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Guard Projects Among Possible Returning Earmarks

Washington Report

A 35,000 square foot addition to a California Army National Guard Readiness Center and a new air traffic control tower for Air Guardsmen in Missouri are among the first waves of earmark requests reported by the House Appropriations Committee.

More than 320 lawmakers have made requests so far, according to the committee, which is publishing a list of links to each lawmaker’s earmark requests.

The often controversial funding requests had been banned since 2010, with critics calling them wasteful pet projects for lawmakers. Supporters have said they are an important funding tool and incentive for lawmakers to compromise on larger legislation.

In the last seven years of their use, earmarks provided the funds for as much a third of all new Army Guard readiness centers, according to NGAUS figures.

Earmarks are returning this year with new rules, including some aimed at increasing transparency, such as requiring that requests be posted online. Lawmakers are also limited in the number of requests they can make, although there is no guarantee any will be approved.

To decide on their earmark requests, participating lawmakers have solicited input from their constituents or used community advisory groups.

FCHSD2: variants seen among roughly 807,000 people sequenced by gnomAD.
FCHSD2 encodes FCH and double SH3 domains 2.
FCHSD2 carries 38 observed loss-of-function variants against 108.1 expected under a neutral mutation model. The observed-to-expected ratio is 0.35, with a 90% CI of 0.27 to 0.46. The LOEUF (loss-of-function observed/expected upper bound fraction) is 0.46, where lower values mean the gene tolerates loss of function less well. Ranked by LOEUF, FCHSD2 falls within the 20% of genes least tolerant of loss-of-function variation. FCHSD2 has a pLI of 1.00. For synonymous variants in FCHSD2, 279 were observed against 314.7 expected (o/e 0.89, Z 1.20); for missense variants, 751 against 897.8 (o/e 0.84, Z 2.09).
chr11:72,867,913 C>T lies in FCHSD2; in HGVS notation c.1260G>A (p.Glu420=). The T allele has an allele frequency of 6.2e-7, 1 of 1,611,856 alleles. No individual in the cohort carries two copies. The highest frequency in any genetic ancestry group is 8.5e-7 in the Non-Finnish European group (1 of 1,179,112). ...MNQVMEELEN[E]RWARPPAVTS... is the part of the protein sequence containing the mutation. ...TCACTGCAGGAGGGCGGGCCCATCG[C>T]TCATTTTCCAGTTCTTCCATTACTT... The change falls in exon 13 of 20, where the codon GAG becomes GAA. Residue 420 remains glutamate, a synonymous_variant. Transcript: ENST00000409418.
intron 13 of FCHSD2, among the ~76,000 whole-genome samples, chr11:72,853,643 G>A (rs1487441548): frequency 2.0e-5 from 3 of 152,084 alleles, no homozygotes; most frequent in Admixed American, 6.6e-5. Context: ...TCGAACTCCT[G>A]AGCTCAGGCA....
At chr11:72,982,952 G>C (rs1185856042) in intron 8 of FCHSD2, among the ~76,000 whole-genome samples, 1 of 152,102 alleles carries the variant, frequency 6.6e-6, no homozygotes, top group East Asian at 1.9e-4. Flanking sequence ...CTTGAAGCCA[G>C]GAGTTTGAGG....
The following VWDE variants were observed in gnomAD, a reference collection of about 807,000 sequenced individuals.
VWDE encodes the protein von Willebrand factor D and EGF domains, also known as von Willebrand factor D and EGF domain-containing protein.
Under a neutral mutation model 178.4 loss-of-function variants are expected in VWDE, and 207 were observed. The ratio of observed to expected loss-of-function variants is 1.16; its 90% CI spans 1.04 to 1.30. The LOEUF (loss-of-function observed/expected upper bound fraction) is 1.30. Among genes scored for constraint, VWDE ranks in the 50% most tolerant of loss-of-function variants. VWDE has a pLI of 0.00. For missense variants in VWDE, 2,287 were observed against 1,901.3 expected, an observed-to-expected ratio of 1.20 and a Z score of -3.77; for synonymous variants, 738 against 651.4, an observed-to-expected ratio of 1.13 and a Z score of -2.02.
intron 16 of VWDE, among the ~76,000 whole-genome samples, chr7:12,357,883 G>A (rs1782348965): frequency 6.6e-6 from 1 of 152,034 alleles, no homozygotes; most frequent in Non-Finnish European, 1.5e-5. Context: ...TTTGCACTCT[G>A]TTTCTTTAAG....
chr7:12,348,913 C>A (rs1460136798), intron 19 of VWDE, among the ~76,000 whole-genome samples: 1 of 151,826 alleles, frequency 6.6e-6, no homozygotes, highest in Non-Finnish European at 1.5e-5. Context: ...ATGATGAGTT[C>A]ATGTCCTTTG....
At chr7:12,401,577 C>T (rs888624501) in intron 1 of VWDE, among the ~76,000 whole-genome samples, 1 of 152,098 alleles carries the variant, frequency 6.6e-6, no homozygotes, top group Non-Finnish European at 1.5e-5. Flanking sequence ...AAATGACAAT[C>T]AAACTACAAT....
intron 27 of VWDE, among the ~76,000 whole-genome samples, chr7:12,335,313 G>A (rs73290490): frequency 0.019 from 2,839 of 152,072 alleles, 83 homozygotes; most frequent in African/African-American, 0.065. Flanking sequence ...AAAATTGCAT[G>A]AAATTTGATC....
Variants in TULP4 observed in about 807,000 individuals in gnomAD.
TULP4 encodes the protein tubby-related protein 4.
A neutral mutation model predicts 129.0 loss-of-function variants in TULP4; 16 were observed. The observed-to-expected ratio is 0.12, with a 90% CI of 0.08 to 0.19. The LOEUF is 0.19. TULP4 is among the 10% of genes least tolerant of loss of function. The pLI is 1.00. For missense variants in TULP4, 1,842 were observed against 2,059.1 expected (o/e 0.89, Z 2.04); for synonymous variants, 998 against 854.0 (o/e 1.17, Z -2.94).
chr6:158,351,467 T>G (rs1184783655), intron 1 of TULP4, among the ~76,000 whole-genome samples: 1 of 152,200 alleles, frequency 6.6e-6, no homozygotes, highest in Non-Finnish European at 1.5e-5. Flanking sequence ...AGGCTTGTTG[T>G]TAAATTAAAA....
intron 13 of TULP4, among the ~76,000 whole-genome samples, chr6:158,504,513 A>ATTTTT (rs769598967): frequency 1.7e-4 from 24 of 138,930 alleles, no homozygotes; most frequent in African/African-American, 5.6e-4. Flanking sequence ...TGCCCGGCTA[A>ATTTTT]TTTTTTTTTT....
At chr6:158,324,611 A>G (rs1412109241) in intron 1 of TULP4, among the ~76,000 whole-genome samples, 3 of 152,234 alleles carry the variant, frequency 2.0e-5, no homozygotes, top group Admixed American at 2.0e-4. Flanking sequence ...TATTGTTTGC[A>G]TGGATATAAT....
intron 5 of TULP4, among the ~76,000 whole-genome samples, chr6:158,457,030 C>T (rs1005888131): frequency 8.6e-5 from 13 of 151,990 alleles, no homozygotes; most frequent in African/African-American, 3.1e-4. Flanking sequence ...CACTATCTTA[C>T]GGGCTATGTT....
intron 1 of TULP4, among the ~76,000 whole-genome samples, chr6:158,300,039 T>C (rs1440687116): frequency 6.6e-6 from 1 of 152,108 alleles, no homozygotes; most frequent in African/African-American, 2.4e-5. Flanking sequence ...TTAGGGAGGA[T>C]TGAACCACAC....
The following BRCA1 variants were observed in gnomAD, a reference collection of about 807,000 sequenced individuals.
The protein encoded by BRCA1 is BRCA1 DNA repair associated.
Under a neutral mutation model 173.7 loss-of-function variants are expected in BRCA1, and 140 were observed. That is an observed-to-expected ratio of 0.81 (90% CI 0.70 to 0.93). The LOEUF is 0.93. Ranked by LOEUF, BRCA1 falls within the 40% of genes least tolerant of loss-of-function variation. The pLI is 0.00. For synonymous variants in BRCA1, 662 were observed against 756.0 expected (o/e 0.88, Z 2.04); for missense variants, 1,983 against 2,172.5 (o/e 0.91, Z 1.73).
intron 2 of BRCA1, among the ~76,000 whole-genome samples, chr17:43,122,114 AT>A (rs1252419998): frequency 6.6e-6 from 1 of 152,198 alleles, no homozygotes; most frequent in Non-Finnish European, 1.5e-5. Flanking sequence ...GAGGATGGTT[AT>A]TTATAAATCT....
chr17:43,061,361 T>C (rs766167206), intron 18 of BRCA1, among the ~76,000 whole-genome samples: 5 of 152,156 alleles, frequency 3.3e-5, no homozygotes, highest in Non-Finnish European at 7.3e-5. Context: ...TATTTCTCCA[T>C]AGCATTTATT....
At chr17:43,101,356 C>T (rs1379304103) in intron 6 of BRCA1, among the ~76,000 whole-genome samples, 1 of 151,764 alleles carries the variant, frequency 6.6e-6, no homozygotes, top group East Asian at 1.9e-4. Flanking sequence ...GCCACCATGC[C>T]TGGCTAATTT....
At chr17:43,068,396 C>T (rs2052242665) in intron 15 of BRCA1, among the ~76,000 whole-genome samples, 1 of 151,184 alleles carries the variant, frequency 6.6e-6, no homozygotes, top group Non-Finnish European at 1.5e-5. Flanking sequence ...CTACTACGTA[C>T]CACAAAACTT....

Dozens of requests would bolster veteran services, including transitional housing for homeless veterans, skills programs to help unemployed veterans find new jobs and more.

But only two projects listed so far would provide new facilities for the Guard.

One, a request from Rep. Sam Graves, R-Mo., seeks $4.3 million to renovate an air traffic control tower at Rosecrans Memorial Airport in St. Joseph, Missouri.

The tower is operated by the Missouri Air Guard’s 139th Airlift Wing.

Col. John Cluck, the wing commander, wrote a letter in support of the request, saying it would have a lasting impact on the wing’s mission and on the members currently working out of the older, outdated tower.

“The Air National Guard controllers operate out of the air traffic control tower, but our mission in the facility is challenging due to the age and condition of the building,” Cluck said. “Constructed in 1952, the tower needs new windows, plumbing, electrical, HVAC, roof, and tower CAB. The controllers operating in the tower provide for the safety of the air traffic in support of the Air National Guard training mission, as well as training air traffic staff itself. In addition to supporting the mission of the Air National Guard, the tower also supports the local air safety needs.”

Rep. David Valadao, R-Calif., is requesting $24 million for an expansion to a Guard Readiness Center at 2800 Gateway Avenue in Bakersfield, California.

The funds would be used to build a 35,000 square feet addition to support more than 400 soldiers assigned to Company A, 1st Battalion, 185th Infantry Regiment; Battery C, 1st Battalion, 143rd Field Artillery Regiment; and the 1114th Transportation Company.

The three units currently operate out of 53% of their required space, Valadao said. An addition will allow them to consolidate to the Gateway facility, permitting the California Army National Guard to close the nearby P Street readiness center, built in the 1950s.

“This will enhance unit and soldier readiness, and provide significant cost savings by providing individual and collective training space,” the congressman said. “The Bakersfield National Guard Gateway Readiness Center project will ensure long-term viability of the unit, better readiness, improved living and working conditions for service members, and significant cost savings in perpetuity.”